More hatin’ on Inhofe. March 6:

It is a peculiar irony that as Oklahoma’s farmers struggle to cope with one of the worst droughts they’ve ever experienced, the state’s own Senator James Inhofe vociferously denies the existence, severity, and sources of climate change. Why listen to scientists who’ve studied the climate for decades? Why acknowledge that climatologists have long predicted that an accelerating greenhouse effect would put our agricultural sector at risk, prolonging droughts and increasing their intensity? Senator Inhofe won’t be bamboozled by people who actually know what they’re talking about — at least as long as his vehement rejection of scientific expertise continues to be funded by the fossil fuel corporations whose profitability will decline if America finally ends its addiction to their product.

Oklahoma’s parched and cracking soil can’t be persuaded by hefty contributions from big oil. When it comes to the climate crisis, arch-denialist Inhofe turns out to be dumber than dirt.

Warren Senders

Year 4, Month 3, Day 15: The Doctor Has No Face

The Washington Post covers some of the problems with natural gas:

Two guys in a black Pontiac Vibe cruise the streets of Washington’s residential neighborhoods. The only sign of what they are up to is a gray plastic tube hanging out of the trunk. And the fact that they get out of the car frequently to place a black box on manhole covers and study its readings.

Measuring how much methane gas is leaking from pipes under the District could help answer a key policy question. As natural gas production expands in the United States, do its benefits for the climate far outweigh its dangers?

Methane, the main component of natural gas, is about 25 times more powerful as a heat-trapping gas than carbon dioxide, the largest human contributor to climate change; the atmospheric concentration of methane has doubled since the start of the Industrial Revolution. While it largely dissipates in a few decades and there is far less of it in the atmosphere than CO2, it continues to drive global warming. Depending on how much leaks out in the journey from wellhead to homes and factories, some experts say, it could be enough to offset the advantages natural gas has over coal.

More fun with heroin. March 6:

Natural gas advocates tout it as a “climate-friendly” substitute for dirty fossil fuels, and at first blush this seems a valid assertion. But energy and environmental policy shouldn’t be based on first impressions; more careful studies of natural gas reveal multiple mutually-reinforcing problems with the ostensibly clean energy source.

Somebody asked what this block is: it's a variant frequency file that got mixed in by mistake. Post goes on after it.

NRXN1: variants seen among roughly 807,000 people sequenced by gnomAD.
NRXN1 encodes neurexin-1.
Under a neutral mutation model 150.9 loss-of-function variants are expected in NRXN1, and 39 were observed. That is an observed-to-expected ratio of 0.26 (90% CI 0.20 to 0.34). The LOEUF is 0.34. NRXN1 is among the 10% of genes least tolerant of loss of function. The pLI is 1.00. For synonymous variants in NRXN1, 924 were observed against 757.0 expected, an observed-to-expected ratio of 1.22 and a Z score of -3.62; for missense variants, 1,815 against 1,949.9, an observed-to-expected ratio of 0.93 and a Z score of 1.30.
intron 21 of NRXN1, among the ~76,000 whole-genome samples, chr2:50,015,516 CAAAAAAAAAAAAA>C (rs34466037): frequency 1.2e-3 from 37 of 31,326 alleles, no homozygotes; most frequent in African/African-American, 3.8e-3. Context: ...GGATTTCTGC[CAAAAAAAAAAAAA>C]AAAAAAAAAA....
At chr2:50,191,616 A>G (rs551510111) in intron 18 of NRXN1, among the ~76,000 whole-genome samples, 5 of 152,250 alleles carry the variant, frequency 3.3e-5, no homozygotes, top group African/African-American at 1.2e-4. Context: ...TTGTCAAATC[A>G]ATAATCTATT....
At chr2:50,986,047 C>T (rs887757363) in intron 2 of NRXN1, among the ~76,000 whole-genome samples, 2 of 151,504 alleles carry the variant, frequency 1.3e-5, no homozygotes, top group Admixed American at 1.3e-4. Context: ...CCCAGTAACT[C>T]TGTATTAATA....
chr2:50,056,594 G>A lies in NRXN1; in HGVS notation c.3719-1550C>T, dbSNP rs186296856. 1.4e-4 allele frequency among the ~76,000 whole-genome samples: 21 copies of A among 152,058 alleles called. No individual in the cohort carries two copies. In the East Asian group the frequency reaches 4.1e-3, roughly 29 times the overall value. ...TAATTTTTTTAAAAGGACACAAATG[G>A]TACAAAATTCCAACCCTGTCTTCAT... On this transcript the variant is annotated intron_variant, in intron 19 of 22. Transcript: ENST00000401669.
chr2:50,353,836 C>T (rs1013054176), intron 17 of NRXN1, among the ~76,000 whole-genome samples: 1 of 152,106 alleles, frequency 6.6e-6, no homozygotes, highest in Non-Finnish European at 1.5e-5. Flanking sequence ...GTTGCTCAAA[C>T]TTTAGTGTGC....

Leaks are inevitable, and — given that methane is an exponentially more powerful greenhouse gas than CO2 — not easily dismissed. And the extraction technique of hydraulic fracturing (“fracking”) turns out to have devastating local and regional effects on water supplies, agriculture, and environmental quality.

In late 19th century America, morphine addiction was a serious problem, until the fortunate introduction of a “non-addictive” cure for the condition: diacetylmorphine — marketed under the trade name, “Heroin.” To substitute one fossil fuel for another is at best a stopgap strategy to avoid a cold-turkey withdrawal from our civilization’s oil and coal addiction.

Warren Senders

Year 4, Month 3, Day 14: You Don’t Know What Love Is…

The Providence Journal gives a tip o’ th’ hat to senator Sheldon Whitehouse:

PROVIDENCE, R.I. — Nearly every week when Congress is in session, Sen. Sheldon Whitehouse has stood on the Senate floor to deliver a speech on the dangers of climate change.

If Congress doesn’t act quickly, Whitehouse warns, global warming will lead to more air pollution, rising oceans, disease-carrying ticks and mosquitoes, Sandy-like storms and a wave of floods, heat waves, wildfires and droughts.

Whitehouse, a Democrat, says global warming is the top issue facing the country today, ahead of the economy, gun control and health care.

Environmental groups have praised him, conservative critics have excoriated him.

Whitehouse says he will continue his efforts until something is done.

“When it comes to this particular threat … Congress is asleep, and it’s time for us to wake up,” he says.

I dusted off an older letter in praise of Ed Markey, and did a bit of renovation. March 4:

Sheldon Whitehouse’s persistent calls for action make him one of the few politicians on the national scene to take climate change with the seriousness it demands. In truth, global heating carries the potential to make all other political issues irrelevant; a century from now the Sequester will be relegated to footnote status, but our children’s children will be struggling to survive on a drastically hotter planet. It’s particularly infuriating to compare the Senator’s work on this issue with the regressively anti-science positions of Senate and House Republicans, who’ve carried conservative anti-intellectualism to depths unplumbed since the McCarthy era.